Along with big-ticket items like boilers, HVAC systems, and the like, residential buildings also have to purchase lots of little, everyday things like cleaning supplies, light bulbs, and paper products. Though not necessarily expensive in and of themselves, costs for these small things can definitely add up over the course of a year. It’s up to managers and building staff members to keep a lid on costs and be conscientious about limiting waste.
Operations and Use
Every time the lights are turned on, dust settles on a surface, or somebody tracks some mud into the hallway, supplies are needed. The day-to-day operations of a building will consume products that need to be replaced on an ongoing basis, says Jerry Blumberg of Kew Forest Maintenance Supply in Forest Hills. “On a daily basis, the list of things that are used include: cleaning supplies, carpet cleaning equipment, plumbing supplies, light bulbs, replacement parts…those are your dailies.” Other items, such as filters and trashcans will need to be replaced less often, but still on a regular basis. In addition, seasonal items such as salt, shovels, sand and other season-specific supplies should be considered in the overall picture of necessary purchases in the yearly budget.
Especially when considering a larger building, the daily use can add up quickly, says Alan Crawford, owner of Crawford Community Management Services, LLC in Rumson. “In a setting where we have a big building, we probably go through two gallons of cleaner a day.”
All of these products are purchased out of the maintenance budget, and over the course of a year, the total can add up, especially in larger buildings with more traffic. “Cleaning supplies and products make up the majority of the supplies budget,” says Ira Meister of Matthew Adam Properties, Inc. in Manhattan, “although it’ s generally not a large part of the overall budget, except when there is a major repair being done. In that case, especially if the building is doing the repair itself, there will likely be more money spent on these supplies.”
Along with the regular sweeping, mopping, window cleaning, and carpet cleaning, these repairs can generate a great deal of extra dust and other waste. Moreover, repairs that may take several days, weeks, or even months will have a substantial effect on the quantity of cleaning supplies that are consumed. “Every building may have some unexpected repairs, so they buy extra supplies,” says Syed Haque, a Rego Park, Queens-based accountant specializing in co-ops and condominiums. “Some of the buildings do their own repairs, so that’s when they need some extra supplies.”
Although the types of supplies that are needed and used seasonally may differ, the overall costs throughout the year may not vary as much as might be expected. “I don’t think that you can generalize when buildings spend more money on supplies,” says Haque. “It varies from building to building and in different situations. It all varies from month to month.” Wintertime typically sees an increase in snow removal supplies such as salt and shovels, while in the summertime, there is more of a need for supplies related to outdoor activities.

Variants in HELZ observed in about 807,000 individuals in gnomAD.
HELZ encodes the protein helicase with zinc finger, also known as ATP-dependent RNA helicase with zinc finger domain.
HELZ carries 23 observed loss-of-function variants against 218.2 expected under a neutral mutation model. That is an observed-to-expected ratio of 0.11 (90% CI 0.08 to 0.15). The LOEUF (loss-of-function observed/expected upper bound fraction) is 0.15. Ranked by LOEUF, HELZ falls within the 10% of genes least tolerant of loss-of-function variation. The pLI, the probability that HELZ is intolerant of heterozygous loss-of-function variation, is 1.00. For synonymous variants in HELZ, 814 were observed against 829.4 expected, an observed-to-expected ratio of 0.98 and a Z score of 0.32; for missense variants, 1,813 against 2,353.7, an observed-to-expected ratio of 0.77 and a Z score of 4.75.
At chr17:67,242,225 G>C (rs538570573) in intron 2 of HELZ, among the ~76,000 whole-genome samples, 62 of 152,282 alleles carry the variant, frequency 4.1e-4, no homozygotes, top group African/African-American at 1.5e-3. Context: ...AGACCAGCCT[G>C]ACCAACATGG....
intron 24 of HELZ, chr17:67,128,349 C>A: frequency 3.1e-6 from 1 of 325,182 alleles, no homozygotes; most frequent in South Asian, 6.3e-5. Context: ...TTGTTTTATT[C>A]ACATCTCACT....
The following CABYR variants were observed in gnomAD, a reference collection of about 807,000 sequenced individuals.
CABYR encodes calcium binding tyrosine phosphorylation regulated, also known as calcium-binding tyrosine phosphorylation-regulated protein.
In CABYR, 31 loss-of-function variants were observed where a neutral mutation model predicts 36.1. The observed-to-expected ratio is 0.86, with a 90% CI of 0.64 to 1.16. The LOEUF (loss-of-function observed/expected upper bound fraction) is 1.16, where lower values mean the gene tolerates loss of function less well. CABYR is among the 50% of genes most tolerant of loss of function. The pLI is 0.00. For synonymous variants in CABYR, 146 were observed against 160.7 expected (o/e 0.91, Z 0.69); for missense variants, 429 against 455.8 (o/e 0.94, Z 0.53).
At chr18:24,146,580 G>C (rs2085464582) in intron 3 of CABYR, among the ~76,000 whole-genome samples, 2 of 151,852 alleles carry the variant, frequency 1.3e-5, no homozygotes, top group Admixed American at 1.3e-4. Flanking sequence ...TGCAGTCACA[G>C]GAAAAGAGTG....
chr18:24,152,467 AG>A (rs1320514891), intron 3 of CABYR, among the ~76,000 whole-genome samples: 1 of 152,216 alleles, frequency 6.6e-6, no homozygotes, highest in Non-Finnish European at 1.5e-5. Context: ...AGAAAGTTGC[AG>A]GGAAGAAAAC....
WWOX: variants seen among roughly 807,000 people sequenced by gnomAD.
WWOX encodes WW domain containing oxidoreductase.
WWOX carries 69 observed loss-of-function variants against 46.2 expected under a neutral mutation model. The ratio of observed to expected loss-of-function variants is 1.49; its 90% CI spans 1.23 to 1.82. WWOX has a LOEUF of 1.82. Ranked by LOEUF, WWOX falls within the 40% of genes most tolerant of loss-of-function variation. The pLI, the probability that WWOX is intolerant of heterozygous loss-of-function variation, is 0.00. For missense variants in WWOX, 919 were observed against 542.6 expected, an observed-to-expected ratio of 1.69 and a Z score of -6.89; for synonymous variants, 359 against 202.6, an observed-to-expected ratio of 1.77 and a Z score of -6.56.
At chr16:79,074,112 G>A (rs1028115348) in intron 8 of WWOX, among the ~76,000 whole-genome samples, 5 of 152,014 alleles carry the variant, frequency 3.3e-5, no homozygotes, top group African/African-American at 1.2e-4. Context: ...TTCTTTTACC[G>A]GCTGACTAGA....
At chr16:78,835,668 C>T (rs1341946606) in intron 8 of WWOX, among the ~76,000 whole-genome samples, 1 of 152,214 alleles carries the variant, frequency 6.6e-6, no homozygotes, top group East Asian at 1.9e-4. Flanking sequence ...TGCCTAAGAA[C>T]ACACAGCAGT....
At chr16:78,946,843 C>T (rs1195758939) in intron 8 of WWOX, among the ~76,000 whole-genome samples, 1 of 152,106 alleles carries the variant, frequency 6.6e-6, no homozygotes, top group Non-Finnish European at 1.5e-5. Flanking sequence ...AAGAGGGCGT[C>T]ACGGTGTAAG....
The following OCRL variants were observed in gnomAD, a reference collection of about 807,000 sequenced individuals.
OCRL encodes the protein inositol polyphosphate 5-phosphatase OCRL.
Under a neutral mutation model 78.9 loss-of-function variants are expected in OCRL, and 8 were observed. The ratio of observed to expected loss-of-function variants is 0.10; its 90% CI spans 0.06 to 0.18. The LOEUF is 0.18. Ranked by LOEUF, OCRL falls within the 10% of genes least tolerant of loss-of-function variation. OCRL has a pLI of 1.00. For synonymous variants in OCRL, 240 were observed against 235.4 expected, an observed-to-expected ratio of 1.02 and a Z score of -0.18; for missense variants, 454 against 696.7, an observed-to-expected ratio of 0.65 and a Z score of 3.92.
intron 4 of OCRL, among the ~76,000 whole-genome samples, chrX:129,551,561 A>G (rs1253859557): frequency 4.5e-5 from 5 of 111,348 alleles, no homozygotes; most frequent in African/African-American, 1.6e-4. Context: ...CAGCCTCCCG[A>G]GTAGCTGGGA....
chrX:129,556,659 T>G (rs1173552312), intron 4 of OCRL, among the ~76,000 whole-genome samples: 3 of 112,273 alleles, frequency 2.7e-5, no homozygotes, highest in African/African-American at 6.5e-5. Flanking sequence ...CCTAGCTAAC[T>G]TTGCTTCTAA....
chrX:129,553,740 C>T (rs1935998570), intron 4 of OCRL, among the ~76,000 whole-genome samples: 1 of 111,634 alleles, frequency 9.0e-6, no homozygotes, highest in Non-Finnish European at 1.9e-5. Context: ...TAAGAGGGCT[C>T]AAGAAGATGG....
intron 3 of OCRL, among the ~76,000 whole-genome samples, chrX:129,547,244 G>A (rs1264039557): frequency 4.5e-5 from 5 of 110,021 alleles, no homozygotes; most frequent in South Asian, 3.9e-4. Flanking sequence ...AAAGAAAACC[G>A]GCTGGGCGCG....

Ordering and Inventory
One benefit to the community living of co-ops and condos is the maintenance and upkeep of the community areas, which includes the ordering of these supplies. Keeping necessaties on hand without overstocking is largely up to those who are running the building, alleviating the responsibility from the residents, except in their individual units. Still, there are generally tiers of responsibility to make sure that things are running smoothly, says Meister. “The superintendent orders the supplies and the managing agent oversees the process.”
In smaller buildings, and ones with resident do-it-yourselfers, the shareholders might have a more hands-on approach, says Blumberg. In those cases, “it’s the building manager’s responsibility to order and also the tenants’ depending on how big the building is.”
Keeping up with supply levels is another important aspect to managing the property. Running out of salt after a snowstorm can result in falls, fines, and lawsuits, and having no place to store excesses can make an awkward journey into the building or a cramped storage area. To avoid these problems regular inventory should take place. “Inventory should happen on a monthly basis, at least,” says Blumberg.
Most buildings keep closer watch on supply levels, however. “Inventory should be rolling,” says Meister. “There should be a constant eye out for supplies that run low. Conversely, if there is an excess of supplies on hand, that becomes an issue for storage. This isn’t Alaska, or someplace where the truck may only come every couple of months, so keeping too much inventory doesn’t really make sense.”
Asking for Bids
In the event of high-dollar operations in a building, such as a renovation or new installation, bids are commonplace and expected. It may not seem like a likely practice, but bids may also be appropriate for large orders of supplies, and can be one way of keeping costs down, says Meister. “Buildings will solicit bids if they are ordering a large amount, and again, if there is a special need, such as a major repair.”